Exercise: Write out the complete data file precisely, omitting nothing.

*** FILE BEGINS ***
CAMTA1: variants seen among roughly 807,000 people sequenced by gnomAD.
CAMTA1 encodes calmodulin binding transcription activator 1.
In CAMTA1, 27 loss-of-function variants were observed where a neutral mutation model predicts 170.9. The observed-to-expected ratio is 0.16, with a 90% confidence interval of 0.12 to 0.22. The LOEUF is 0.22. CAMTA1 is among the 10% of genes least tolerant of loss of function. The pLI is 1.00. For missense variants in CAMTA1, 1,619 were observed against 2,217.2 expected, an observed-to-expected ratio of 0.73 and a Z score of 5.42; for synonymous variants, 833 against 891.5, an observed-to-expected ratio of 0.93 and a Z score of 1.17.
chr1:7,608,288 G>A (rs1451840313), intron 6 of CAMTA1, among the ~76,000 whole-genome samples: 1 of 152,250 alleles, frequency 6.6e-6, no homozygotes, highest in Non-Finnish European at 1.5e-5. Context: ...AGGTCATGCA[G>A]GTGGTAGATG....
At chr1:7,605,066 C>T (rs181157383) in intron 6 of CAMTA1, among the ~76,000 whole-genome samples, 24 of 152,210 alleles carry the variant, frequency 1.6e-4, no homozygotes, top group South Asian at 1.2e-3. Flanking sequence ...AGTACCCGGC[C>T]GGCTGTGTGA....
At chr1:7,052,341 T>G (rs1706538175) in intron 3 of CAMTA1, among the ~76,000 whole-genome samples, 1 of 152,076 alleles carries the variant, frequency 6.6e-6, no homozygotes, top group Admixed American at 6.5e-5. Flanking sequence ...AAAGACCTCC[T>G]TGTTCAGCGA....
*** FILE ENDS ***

CAMTA1: variants seen among roughly 807,000 people sequenced by gnomAD.
CAMTA1 encodes calmodulin binding transcription activator 1.
In CAMTA1, 27 loss-of-function variants were observed where a neutral mutation model predicts 170.9. The observed-to-expected ratio is 0.16, with a 90% confidence interval of 0.12 to 0.22. The LOEUF is 0.22. CAMTA1 is among the 10% of genes least tolerant of loss of function. The pLI is 1.00. For missense variants in CAMTA1, 1,619 were observed against 2,217.2 expected, an observed-to-expected ratio of 0.73 and a Z score of 5.42; for synonymous variants, 833 against 891.5, an observed-to-expected ratio of 0.93 and a Z score of 1.17.
chr1:7,608,288 G>A (rs1451840313), intron 6 of CAMTA1, among the ~76,000 whole-genome samples: 1 of 152,250 alleles, frequency 6.6e-6, no homozygotes, highest in Non-Finnish European at 1.5e-5. Context: ...AGGTCATGCA[G>A]GTGGTAGATG....
At chr1:7,605,066 C>T (rs181157383) in intron 6 of CAMTA1, among the ~76,000 whole-genome samples, 24 of 152,210 alleles carry the variant, frequency 1.6e-4, no homozygotes, top group South Asian at 1.2e-3. Flanking sequence ...AGTACCCGGC[C>T]GGCTGTGTGA....
At chr1:7,052,341 T>G (rs1706538175) in intron 3 of CAMTA1, among the ~76,000 whole-genome samples, 1 of 152,076 alleles carries the variant, frequency 6.6e-6, no homozygotes, top group Admixed American at 6.5e-5. Flanking sequence ...AAAGACCTCC[T>G]TGTTCAGCGA....